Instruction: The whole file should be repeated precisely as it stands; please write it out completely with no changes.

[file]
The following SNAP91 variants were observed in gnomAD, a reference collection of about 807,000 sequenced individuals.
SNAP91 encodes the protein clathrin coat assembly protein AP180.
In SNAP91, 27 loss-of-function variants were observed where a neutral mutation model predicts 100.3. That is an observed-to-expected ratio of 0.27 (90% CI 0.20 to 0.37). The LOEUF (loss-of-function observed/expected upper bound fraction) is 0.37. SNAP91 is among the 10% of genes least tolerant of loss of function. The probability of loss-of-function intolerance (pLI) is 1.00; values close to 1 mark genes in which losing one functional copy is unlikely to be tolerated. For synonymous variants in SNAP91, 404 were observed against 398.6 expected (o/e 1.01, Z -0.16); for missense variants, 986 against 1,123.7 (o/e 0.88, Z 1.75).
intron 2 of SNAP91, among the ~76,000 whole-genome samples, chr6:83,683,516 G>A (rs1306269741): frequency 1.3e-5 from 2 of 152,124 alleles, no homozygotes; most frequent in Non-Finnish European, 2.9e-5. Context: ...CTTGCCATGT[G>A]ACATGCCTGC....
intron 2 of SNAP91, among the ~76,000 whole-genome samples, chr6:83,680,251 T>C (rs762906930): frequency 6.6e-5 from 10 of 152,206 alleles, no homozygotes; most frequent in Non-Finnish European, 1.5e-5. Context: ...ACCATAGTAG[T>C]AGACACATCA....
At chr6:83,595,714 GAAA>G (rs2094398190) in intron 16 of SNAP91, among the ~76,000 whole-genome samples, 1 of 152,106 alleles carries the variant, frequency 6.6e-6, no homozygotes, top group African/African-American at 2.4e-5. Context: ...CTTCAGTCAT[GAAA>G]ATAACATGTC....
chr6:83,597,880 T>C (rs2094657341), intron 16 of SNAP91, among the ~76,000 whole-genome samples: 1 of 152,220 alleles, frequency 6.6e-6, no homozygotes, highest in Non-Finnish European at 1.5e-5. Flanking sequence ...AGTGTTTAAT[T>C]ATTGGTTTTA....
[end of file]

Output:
The following SNAP91 variants were observed in gnomAD, a reference collection of about 807,000 sequenced individuals.
SNAP91 encodes the protein clathrin coat assembly protein AP180.
In SNAP91, 27 loss-of-function variants were observed where a neutral mutation model predicts 100.3. That is an observed-to-expected ratio of 0.27 (90% CI 0.20 to 0.37). The LOEUF (loss-of-function observed/expected upper bound fraction) is 0.37. SNAP91 is among the 10% of genes least tolerant of loss of function. The probability of loss-of-function intolerance (pLI) is 1.00; values close to 1 mark genes in which losing one functional copy is unlikely to be tolerated. For synonymous variants in SNAP91, 404 were observed against 398.6 expected (o/e 1.01, Z -0.16); for missense variants, 986 against 1,123.7 (o/e 0.88, Z 1.75).
intron 2 of SNAP91, among the ~76,000 whole-genome samples, chr6:83,683,516 G>A (rs1306269741): frequency 1.3e-5 from 2 of 152,124 alleles, no homozygotes; most frequent in Non-Finnish European, 2.9e-5. Context: ...CTTGCCATGT[G>A]ACATGCCTGC....
intron 2 of SNAP91, among the ~76,000 whole-genome samples, chr6:83,680,251 T>C (rs762906930): frequency 6.6e-5 from 10 of 152,206 alleles, no homozygotes; most frequent in Non-Finnish European, 1.5e-5. Context: ...ACCATAGTAG[T>C]AGACACATCA....
At chr6:83,595,714 GAAA>G (rs2094398190) in intron 16 of SNAP91, among the ~76,000 whole-genome samples, 1 of 152,106 alleles carries the variant, frequency 6.6e-6, no homozygotes, top group African/African-American at 2.4e-5. Context: ...CTTCAGTCAT[GAAA>G]ATAACATGTC....
chr6:83,597,880 T>C (rs2094657341), intron 16 of SNAP91, among the ~76,000 whole-genome samples: 1 of 152,220 alleles, frequency 6.6e-6, no homozygotes, highest in Non-Finnish European at 1.5e-5. Flanking sequence ...AGTGTTTAAT[T>C]ATTGGTTTTA....